Thai protesters’ appropriation of the three-finger salute articulates the relationship between popular culture and politics and places the protests within a history of fan-based civic engagement.
Adrienne Shaw explores how academics, fans, and industry professionals are all laborers of love and how a coalitional attitude could benefit all parties in our quest to engage with our beloved media objects.
Part 3 of a 7 part series on LeakyCon focuses on the production of fandom by the “Starkids” theater troupe as well as those fans who call themselves simply “Starkids.”
With no prominent “Save our Show” campaign following this year’s cancellations, we should turn our attention to why we’re not talking about a big cancellation in a year where a number of highly-rated shows got canceled.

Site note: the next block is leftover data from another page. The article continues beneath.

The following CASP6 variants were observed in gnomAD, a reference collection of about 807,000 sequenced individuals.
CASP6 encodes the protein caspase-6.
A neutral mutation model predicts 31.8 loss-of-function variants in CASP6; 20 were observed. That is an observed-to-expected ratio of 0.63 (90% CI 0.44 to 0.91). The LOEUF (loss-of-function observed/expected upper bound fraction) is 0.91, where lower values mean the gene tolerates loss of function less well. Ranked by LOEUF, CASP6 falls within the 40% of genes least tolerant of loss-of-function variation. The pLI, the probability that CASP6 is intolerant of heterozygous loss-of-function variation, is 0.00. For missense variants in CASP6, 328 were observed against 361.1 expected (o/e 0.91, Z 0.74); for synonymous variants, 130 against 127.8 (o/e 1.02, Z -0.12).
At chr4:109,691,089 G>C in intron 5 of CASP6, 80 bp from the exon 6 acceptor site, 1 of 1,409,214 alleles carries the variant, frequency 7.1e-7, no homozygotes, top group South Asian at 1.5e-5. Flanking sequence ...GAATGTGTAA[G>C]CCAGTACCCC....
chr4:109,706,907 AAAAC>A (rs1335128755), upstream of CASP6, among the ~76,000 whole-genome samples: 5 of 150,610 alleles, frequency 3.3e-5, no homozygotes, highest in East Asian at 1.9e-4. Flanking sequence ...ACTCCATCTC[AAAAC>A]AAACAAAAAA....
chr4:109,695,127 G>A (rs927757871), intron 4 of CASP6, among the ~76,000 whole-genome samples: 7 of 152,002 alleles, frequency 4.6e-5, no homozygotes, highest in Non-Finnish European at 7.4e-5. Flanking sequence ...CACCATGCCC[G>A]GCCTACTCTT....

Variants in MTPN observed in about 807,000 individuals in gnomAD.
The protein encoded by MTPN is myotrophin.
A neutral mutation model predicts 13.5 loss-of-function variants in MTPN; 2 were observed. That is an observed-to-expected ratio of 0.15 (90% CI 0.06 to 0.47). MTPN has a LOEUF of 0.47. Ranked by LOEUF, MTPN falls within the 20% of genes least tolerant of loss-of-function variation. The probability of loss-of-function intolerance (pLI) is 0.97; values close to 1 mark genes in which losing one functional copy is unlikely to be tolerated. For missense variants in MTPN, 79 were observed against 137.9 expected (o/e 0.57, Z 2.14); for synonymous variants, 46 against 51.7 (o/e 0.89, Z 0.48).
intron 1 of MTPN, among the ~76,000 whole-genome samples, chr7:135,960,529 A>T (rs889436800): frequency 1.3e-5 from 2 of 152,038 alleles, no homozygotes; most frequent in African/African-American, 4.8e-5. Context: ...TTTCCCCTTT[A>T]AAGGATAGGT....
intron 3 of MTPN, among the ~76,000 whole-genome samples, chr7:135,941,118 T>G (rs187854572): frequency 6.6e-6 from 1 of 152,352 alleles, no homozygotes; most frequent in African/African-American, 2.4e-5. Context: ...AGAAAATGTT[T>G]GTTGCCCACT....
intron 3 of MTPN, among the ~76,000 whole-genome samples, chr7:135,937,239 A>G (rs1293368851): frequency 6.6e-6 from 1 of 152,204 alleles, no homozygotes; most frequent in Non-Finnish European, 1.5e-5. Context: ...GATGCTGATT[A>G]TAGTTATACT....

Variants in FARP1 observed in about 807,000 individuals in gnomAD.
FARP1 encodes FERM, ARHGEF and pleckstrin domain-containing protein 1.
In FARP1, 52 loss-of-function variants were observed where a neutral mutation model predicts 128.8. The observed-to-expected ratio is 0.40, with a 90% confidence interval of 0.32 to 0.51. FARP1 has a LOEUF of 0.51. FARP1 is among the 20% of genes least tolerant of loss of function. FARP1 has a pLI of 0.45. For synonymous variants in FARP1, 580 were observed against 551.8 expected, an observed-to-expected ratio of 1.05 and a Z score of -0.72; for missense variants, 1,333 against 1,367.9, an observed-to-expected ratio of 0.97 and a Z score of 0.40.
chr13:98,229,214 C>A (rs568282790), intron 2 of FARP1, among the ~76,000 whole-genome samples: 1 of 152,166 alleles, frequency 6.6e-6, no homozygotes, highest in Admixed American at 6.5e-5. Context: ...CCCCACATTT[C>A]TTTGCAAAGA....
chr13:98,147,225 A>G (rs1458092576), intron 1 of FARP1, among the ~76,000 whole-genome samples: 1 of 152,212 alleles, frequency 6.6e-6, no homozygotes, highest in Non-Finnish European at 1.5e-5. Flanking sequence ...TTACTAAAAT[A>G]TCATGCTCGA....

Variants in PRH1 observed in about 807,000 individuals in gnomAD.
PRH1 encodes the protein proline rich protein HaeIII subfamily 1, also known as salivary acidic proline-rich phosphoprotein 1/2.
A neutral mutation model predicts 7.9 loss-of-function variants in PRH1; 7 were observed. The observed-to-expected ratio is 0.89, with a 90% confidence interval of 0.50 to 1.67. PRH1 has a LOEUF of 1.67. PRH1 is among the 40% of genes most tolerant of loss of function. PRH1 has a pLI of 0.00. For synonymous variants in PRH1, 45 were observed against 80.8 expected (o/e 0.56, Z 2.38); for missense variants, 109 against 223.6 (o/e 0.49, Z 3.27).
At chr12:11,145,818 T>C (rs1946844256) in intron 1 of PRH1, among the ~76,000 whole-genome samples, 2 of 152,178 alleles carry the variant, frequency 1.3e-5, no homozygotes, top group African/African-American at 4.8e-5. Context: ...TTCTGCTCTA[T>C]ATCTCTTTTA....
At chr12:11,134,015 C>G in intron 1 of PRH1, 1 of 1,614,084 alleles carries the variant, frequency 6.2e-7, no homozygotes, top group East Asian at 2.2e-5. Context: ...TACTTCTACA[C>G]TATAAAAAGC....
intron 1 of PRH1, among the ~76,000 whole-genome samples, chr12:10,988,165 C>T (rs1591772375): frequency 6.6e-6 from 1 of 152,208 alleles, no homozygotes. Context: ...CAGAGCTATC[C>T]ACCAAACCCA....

There’s an illusion of transformative work here – although this seems to alter the rules of the Whoniverse, in fact it leaves all the game pieces in play as they were.
Moffat challenges the TV industry establishment far more notably than did series one through four. He’s the Tom Baker to Russell T. Davies’s Jon Pertwee.
We may be several decades removed from the emotional upheavals of the culture debates, but popular studies remains a readily mocked area in mainstream media, especially as universities are often asked to produce efficient and effectual employees rather than well rounded individuals.
For the most part, fan fiction is like porn—we know it when we see it. And yet when asked to delineate its boundaries, the genre is surprisingly hard to categorize.
2010 poses a key threat to the brand, and to its ‘flagship drama’ status in the UK – what if a new Doctor, companion, and exec-producer team represents too much change for audiences to take?